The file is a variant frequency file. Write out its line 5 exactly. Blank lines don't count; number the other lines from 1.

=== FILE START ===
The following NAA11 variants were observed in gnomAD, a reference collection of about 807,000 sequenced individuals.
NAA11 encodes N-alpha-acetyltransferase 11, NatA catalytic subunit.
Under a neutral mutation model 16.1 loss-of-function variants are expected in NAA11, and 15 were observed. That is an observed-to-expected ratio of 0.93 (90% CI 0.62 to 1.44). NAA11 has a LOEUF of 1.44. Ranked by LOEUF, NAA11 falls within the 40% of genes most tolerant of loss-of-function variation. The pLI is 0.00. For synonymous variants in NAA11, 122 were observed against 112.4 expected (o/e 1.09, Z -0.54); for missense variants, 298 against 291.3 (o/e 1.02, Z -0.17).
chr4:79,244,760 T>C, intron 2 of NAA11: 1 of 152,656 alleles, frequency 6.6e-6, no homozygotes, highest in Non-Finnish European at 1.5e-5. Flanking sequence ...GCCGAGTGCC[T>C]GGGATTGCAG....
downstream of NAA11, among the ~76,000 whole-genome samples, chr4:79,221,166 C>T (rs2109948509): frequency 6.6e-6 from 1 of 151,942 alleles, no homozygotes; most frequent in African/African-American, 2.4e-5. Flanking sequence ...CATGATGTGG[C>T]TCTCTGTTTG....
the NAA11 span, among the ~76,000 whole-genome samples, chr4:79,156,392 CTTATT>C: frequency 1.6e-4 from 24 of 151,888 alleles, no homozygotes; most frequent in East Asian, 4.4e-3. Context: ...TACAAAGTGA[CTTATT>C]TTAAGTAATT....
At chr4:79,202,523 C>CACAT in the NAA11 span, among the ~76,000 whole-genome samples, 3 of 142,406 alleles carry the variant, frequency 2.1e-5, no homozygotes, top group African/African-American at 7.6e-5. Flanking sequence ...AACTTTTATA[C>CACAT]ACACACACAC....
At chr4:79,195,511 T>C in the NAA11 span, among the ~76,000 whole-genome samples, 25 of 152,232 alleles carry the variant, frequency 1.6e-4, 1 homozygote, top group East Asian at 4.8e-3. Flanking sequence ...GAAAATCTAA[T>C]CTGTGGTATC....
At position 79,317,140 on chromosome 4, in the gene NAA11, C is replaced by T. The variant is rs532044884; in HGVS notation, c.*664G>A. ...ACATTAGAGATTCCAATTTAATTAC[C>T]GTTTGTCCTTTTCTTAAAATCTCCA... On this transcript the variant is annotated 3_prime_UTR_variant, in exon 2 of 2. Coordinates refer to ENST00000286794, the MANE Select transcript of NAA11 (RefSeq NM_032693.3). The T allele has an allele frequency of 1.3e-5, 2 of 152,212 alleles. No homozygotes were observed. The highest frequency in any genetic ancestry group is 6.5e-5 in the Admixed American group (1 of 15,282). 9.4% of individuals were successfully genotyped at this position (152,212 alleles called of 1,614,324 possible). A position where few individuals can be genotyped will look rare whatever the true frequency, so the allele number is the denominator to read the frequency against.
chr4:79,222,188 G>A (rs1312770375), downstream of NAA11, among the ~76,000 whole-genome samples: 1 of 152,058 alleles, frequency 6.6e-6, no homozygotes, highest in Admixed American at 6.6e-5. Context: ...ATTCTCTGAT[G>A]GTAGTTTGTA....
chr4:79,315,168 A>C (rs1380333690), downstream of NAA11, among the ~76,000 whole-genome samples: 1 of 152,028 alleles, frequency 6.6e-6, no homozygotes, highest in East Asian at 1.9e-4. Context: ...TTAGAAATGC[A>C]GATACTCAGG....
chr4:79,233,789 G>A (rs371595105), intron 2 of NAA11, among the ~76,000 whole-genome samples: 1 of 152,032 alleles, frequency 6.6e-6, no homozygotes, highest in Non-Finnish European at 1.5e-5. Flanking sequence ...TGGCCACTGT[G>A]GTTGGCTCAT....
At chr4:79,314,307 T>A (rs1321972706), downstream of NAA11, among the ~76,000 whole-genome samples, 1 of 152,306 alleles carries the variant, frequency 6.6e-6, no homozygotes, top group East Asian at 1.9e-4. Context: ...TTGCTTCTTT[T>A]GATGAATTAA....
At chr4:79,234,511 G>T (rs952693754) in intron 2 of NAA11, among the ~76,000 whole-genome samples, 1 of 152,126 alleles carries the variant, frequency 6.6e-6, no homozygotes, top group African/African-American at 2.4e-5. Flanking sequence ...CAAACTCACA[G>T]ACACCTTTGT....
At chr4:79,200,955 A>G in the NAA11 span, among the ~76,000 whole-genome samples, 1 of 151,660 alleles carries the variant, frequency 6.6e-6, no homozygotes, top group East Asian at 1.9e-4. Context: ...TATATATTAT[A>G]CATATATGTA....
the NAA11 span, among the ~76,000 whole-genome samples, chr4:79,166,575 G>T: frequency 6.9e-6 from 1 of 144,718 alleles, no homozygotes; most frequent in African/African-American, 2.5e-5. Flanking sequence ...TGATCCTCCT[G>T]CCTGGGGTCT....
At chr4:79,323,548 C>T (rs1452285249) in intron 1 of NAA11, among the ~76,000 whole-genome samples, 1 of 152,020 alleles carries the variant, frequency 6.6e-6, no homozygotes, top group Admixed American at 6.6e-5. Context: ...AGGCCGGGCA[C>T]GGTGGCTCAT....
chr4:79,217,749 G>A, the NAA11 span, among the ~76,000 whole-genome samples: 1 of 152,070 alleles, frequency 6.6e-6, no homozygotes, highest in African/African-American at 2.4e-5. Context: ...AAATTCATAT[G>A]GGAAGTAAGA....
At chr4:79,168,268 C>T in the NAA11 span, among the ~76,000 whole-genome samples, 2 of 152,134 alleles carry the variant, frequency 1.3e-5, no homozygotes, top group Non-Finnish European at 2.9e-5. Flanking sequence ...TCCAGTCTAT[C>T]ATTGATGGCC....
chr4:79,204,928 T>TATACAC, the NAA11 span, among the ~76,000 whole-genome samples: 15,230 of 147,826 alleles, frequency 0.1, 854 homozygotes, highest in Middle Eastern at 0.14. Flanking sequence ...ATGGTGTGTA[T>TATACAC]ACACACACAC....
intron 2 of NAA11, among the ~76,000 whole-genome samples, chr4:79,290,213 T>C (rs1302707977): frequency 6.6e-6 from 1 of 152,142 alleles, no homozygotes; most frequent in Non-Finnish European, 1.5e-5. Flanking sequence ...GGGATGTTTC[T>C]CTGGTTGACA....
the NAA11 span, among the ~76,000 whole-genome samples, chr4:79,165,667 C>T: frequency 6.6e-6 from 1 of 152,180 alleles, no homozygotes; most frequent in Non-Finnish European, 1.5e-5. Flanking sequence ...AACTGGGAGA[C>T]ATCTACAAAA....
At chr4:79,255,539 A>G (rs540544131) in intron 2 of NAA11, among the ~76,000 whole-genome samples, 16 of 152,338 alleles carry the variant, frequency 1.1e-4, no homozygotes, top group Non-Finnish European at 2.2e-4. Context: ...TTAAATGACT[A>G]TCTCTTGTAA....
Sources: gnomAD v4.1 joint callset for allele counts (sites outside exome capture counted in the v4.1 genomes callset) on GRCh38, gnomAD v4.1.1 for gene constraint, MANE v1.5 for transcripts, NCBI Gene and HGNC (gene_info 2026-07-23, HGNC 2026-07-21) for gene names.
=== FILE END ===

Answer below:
downstream of NAA11, among the ~76,000 whole-genome samples, chr4:79,221,166 C>T (rs2109948509): frequency 6.6e-6 from 1 of 151,942 alleles, no homozygotes; most frequent in African/African-American, 2.4e-5. Flanking sequence ...CATGATGTGG[C>T]TCTCTGTTTG....